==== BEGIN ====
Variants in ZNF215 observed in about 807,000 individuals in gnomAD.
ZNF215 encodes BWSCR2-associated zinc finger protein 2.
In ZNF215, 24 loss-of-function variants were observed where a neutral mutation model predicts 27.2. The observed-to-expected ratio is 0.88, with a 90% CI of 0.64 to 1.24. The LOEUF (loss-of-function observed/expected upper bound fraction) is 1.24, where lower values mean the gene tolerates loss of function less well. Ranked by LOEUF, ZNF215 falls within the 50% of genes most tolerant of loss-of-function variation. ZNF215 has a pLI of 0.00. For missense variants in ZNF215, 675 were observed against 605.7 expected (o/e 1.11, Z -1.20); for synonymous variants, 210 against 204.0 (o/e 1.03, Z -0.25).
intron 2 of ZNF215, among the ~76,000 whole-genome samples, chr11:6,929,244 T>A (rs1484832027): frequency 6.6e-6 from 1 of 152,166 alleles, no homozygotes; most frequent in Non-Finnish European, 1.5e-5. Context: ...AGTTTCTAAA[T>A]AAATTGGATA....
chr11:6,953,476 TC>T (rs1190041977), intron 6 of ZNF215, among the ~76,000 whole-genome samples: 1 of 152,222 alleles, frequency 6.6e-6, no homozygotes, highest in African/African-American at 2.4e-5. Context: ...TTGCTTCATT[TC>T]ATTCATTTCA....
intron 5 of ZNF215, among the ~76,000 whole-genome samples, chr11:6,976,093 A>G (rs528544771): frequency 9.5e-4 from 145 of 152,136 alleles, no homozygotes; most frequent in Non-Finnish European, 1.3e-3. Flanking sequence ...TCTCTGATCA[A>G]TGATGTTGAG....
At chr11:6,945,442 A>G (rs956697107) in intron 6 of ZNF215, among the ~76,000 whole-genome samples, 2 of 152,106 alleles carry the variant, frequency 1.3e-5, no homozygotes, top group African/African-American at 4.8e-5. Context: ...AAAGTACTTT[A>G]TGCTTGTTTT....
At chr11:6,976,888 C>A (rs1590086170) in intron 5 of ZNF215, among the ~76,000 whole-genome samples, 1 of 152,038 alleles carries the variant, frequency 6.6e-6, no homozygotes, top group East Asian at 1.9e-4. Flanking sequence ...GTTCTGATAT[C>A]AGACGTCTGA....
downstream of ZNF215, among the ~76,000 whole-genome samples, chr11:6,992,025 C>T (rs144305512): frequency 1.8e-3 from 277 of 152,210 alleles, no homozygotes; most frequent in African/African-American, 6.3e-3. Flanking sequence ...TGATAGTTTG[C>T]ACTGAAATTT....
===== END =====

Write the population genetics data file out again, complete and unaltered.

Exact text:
Variants in ZNF215 observed in about 807,000 individuals in gnomAD.
ZNF215 encodes BWSCR2-associated zinc finger protein 2.
In ZNF215, 24 loss-of-function variants were observed where a neutral mutation model predicts 27.2. The observed-to-expected ratio is 0.88, with a 90% CI of 0.64 to 1.24. The LOEUF (loss-of-function observed/expected upper bound fraction) is 1.24, where lower values mean the gene tolerates loss of function less well. Ranked by LOEUF, ZNF215 falls within the 50% of genes most tolerant of loss-of-function variation. ZNF215 has a pLI of 0.00. For missense variants in ZNF215, 675 were observed against 605.7 expected (o/e 1.11, Z -1.20); for synonymous variants, 210 against 204.0 (o/e 1.03, Z -0.25).
intron 2 of ZNF215, among the ~76,000 whole-genome samples, chr11:6,929,244 T>A (rs1484832027): frequency 6.6e-6 from 1 of 152,166 alleles, no homozygotes; most frequent in Non-Finnish European, 1.5e-5. Context: ...AGTTTCTAAA[T>A]AAATTGGATA....
chr11:6,953,476 TC>T (rs1190041977), intron 6 of ZNF215, among the ~76,000 whole-genome samples: 1 of 152,222 alleles, frequency 6.6e-6, no homozygotes, highest in African/African-American at 2.4e-5. Context: ...TTGCTTCATT[TC>T]ATTCATTTCA....
intron 5 of ZNF215, among the ~76,000 whole-genome samples, chr11:6,976,093 A>G (rs528544771): frequency 9.5e-4 from 145 of 152,136 alleles, no homozygotes; most frequent in Non-Finnish European, 1.3e-3. Flanking sequence ...TCTCTGATCA[A>G]TGATGTTGAG....
At chr11:6,945,442 A>G (rs956697107) in intron 6 of ZNF215, among the ~76,000 whole-genome samples, 2 of 152,106 alleles carry the variant, frequency 1.3e-5, no homozygotes, top group African/African-American at 4.8e-5. Context: ...AAAGTACTTT[A>G]TGCTTGTTTT....
At chr11:6,976,888 C>A (rs1590086170) in intron 5 of ZNF215, among the ~76,000 whole-genome samples, 1 of 152,038 alleles carries the variant, frequency 6.6e-6, no homozygotes, top group East Asian at 1.9e-4. Flanking sequence ...GTTCTGATAT[C>A]AGACGTCTGA....
downstream of ZNF215, among the ~76,000 whole-genome samples, chr11:6,992,025 C>T (rs144305512): frequency 1.8e-3 from 277 of 152,210 alleles, no homozygotes; most frequent in African/African-American, 6.3e-3. Flanking sequence ...TGATAGTTTG[C>T]ACTGAAATTT....